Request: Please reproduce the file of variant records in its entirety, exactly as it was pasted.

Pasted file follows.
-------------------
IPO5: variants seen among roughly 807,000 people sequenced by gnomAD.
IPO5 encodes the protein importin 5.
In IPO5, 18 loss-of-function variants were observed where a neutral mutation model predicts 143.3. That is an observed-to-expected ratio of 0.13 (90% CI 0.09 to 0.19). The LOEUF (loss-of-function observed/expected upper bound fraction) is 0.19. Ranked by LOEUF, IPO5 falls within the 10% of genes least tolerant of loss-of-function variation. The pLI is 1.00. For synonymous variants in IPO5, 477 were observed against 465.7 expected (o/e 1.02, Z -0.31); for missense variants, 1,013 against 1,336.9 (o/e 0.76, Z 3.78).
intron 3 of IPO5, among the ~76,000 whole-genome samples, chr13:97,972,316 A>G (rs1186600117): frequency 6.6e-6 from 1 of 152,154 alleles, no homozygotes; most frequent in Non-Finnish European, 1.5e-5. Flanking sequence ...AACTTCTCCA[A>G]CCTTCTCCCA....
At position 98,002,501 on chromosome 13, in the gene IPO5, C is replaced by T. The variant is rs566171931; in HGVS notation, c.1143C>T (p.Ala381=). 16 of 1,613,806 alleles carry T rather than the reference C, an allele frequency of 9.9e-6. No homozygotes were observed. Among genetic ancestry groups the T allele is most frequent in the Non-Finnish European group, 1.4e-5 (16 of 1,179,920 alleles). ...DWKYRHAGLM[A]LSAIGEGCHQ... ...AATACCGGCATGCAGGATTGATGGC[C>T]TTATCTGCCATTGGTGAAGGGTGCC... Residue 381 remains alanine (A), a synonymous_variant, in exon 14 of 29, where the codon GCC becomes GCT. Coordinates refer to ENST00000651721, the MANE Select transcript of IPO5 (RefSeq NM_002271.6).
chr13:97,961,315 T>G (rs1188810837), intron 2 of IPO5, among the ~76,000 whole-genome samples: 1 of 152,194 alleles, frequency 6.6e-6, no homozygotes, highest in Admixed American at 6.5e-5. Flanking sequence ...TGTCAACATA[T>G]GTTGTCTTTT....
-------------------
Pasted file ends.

IPO5: variants seen among roughly 807,000 people sequenced by gnomAD.
IPO5 encodes the protein importin 5.
In IPO5, 18 loss-of-function variants were observed where a neutral mutation model predicts 143.3. That is an observed-to-expected ratio of 0.13 (90% CI 0.09 to 0.19). The LOEUF (loss-of-function observed/expected upper bound fraction) is 0.19. Ranked by LOEUF, IPO5 falls within the 10% of genes least tolerant of loss-of-function variation. The pLI is 1.00. For synonymous variants in IPO5, 477 were observed against 465.7 expected (o/e 1.02, Z -0.31); for missense variants, 1,013 against 1,336.9 (o/e 0.76, Z 3.78).
intron 3 of IPO5, among the ~76,000 whole-genome samples, chr13:97,972,316 A>G (rs1186600117): frequency 6.6e-6 from 1 of 152,154 alleles, no homozygotes; most frequent in Non-Finnish European, 1.5e-5. Flanking sequence ...AACTTCTCCA[A>G]CCTTCTCCCA....
At position 98,002,501 on chromosome 13, in the gene IPO5, C is replaced by T. The variant is rs566171931; in HGVS notation, c.1143C>T (p.Ala381=). 16 of 1,613,806 alleles carry T rather than the reference C, an allele frequency of 9.9e-6. No homozygotes were observed. Among genetic ancestry groups the T allele is most frequent in the Non-Finnish European group, 1.4e-5 (16 of 1,179,920 alleles). ...DWKYRHAGLM[A]LSAIGEGCHQ... ...AATACCGGCATGCAGGATTGATGGC[C>T]TTATCTGCCATTGGTGAAGGGTGCC... Residue 381 remains alanine (A), a synonymous_variant, in exon 14 of 29, where the codon GCC becomes GCT. Coordinates refer to ENST00000651721, the MANE Select transcript of IPO5 (RefSeq NM_002271.6).
chr13:97,961,315 T>G (rs1188810837), intron 2 of IPO5, among the ~76,000 whole-genome samples: 1 of 152,194 alleles, frequency 6.6e-6, no homozygotes, highest in Admixed American at 6.5e-5. Flanking sequence ...TGTCAACATA[T>G]GTTGTCTTTT....